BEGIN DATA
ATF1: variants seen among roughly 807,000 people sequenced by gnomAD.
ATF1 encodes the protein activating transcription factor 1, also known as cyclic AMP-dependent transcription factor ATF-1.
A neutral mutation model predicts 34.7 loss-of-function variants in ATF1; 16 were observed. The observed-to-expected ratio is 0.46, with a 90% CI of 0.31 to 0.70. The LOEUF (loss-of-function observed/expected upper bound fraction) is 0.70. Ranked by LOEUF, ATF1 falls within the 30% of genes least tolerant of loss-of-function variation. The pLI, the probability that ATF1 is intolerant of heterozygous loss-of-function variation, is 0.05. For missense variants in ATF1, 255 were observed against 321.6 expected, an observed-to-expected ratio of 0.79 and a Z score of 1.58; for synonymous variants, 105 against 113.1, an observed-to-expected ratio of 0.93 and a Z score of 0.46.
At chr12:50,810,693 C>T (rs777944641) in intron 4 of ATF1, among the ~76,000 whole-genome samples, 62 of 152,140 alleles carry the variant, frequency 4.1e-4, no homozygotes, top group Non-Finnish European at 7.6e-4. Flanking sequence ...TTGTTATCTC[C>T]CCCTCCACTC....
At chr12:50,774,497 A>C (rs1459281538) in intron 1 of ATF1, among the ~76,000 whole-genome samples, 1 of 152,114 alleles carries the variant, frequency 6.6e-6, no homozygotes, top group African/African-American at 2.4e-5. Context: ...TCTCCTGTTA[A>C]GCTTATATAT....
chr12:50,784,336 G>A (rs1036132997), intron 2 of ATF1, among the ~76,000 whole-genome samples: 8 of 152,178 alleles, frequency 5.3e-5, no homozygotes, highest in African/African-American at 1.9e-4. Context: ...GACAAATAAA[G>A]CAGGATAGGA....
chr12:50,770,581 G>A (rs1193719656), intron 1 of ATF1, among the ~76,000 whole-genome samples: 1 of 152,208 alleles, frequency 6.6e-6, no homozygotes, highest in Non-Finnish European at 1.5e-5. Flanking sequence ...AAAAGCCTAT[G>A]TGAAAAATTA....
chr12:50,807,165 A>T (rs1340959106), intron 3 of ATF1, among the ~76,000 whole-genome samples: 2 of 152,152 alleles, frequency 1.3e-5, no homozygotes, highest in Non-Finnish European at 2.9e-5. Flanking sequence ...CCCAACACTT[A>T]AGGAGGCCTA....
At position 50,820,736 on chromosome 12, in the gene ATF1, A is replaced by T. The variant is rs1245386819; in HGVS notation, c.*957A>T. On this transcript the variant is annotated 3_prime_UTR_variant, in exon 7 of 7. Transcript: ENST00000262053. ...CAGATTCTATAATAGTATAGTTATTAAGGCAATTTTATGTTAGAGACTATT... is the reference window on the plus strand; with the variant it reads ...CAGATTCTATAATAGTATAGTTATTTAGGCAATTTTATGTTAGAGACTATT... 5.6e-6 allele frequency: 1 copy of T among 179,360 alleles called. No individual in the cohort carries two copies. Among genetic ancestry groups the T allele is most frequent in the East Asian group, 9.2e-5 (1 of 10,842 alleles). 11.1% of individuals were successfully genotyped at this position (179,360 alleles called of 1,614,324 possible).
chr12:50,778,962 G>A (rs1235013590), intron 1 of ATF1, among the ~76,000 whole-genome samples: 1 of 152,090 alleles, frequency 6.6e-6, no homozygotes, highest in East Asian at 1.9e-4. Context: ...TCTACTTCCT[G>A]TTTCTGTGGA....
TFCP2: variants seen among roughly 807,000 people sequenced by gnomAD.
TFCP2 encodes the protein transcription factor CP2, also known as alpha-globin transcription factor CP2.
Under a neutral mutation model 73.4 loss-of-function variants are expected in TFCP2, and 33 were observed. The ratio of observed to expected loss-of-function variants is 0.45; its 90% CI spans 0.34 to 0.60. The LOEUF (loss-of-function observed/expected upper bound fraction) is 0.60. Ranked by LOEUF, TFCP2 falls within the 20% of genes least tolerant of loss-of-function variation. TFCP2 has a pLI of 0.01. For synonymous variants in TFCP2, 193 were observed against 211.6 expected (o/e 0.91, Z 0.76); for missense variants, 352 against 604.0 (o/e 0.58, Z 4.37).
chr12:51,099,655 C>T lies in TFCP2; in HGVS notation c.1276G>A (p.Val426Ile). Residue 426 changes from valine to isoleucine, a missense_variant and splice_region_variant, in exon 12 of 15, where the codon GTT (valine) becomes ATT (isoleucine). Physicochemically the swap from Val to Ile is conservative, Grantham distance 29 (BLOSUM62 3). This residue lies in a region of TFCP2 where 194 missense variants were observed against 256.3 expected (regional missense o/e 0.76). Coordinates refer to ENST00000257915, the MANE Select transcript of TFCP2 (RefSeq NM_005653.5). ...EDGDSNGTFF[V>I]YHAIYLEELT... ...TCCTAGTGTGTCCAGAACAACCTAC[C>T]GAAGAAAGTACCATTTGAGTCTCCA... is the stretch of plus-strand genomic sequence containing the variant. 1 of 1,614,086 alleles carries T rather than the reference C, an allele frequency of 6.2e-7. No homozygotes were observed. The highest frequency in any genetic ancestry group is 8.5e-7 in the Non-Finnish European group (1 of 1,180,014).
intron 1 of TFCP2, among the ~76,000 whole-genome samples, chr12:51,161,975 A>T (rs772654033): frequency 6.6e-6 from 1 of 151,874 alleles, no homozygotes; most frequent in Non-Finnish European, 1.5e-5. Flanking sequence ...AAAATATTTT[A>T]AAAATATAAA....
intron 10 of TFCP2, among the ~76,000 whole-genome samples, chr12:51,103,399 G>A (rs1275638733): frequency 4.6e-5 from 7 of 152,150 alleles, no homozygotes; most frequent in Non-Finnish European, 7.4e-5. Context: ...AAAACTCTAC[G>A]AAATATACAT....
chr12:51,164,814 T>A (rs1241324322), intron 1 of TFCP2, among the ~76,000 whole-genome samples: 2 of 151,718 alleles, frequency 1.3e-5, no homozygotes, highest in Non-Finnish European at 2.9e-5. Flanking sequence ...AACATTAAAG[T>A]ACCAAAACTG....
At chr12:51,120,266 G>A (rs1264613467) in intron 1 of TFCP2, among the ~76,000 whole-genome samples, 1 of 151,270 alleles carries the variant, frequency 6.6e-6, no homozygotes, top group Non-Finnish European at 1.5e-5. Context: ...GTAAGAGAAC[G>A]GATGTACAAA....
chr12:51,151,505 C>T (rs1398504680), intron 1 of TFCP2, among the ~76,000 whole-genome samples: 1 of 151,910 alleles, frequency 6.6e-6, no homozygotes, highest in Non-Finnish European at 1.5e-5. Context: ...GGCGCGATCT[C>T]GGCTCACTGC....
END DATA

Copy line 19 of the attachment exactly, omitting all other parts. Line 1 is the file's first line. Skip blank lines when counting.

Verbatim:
chr12:51,151,505 C>T (rs1398504680), intron 1 of TFCP2, among the ~76,000 whole-genome samples: 1 of 151,910 alleles, frequency 6.6e-6, no homozygotes, highest in Non-Finnish European at 1.5e-5. Context: ...GGCGCGATCT[C>T]GGCTCACTGC....